Don’t overthink this: just start writing your steps down, and sticking them onto your canvas. The easiest way to start is to imagine yourself as if you were your client, landing on your website or social media page for the first time in your life, and then following the thread towards your services web pages, your entire client process, and then follow-up and repeat sales (if relevant).
- What is the action your client has to take to move forward?
- What action do you have to take to move forward?
Use the green or yellow post-it color depending on whose turn it is to make an action. Soon you should have a couple of post-its under each phase. When you’re certain you’ve logged all of the steps in your journey, move on to the review.
3. Review your client journey
This part can take a bit more time. You may do it immediately after creating the map, or on a different day.
Go through each step and ask yourself:
- How well is this step serving the client, and my business?
- How does the client feel when they go through this step?
- How do I feel about going through this step?
You can literally view each web page, read each email, examine each document, and note the little details that may delight or frustrate your client. Pay attention to the language you use, the design elements, ease of use of a certain tool, etc.
If everything is peachy, move on to the next step. If you have concerns or ideas about potential improvements, note this by writing down directly on the post-it, or on a separate piece of paper.
You may realize that some steps in your process could be eliminated without sacrificing the quality of your client relationship. For example, if your onboarding process typically involves a lot of emailing back and forth, perhaps you can write a template for one email you send to a prospective client as soon as they contact you containing all the information they may need, and instructions on how to move forward. Remove the extra post-its you’ve eliminated in this way.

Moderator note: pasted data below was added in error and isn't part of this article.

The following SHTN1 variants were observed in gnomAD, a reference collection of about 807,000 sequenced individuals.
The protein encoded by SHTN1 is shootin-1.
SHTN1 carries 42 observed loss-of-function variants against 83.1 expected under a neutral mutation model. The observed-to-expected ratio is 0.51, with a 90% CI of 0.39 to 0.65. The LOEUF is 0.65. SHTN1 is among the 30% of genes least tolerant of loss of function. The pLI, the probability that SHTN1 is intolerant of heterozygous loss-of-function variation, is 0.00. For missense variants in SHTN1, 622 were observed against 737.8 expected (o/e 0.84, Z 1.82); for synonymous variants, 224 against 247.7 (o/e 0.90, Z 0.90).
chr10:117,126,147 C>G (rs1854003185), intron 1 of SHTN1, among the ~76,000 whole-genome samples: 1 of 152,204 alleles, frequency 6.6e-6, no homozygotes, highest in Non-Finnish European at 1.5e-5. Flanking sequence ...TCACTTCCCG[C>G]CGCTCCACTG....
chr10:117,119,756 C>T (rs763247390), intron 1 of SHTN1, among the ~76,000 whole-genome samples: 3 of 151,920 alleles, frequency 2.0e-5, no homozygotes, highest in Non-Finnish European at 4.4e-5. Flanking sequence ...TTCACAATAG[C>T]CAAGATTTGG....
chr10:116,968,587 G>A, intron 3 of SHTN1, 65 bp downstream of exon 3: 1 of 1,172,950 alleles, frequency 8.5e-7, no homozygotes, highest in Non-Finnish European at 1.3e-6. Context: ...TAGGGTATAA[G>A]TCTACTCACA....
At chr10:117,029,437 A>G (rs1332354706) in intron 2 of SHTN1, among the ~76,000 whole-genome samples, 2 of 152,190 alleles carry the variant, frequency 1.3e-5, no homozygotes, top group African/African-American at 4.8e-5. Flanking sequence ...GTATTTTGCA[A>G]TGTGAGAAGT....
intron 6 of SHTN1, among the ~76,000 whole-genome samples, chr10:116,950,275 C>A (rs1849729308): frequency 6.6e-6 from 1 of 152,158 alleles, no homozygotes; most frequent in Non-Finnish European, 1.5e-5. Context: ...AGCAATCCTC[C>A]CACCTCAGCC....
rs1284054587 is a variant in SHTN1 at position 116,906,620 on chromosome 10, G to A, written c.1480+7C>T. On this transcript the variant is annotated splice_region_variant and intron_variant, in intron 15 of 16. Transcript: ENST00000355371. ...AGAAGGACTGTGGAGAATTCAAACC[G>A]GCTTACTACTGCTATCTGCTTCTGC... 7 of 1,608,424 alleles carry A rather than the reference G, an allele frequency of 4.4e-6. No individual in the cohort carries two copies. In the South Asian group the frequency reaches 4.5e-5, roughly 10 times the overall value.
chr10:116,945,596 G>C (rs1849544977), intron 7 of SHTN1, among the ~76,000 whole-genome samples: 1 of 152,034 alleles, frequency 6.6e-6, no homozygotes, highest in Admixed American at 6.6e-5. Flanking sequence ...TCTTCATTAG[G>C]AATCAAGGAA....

If you notice that clients repeatedly struggle with a certain step, think about what kind of resources you can create to make this step easier for them. Note any opportunities for tools, videos, documents, tutorials, etc. on the orange post-it.
If you think an overly complex step might work better as multiple steps, feel free to add new steps and rearrange your post-its.
Once you’re done, it’s time to use these new insights in your business.
4. Create your to-do list
After completing your map, you may realize you need to create more content or implement new tools to streamline your client journey.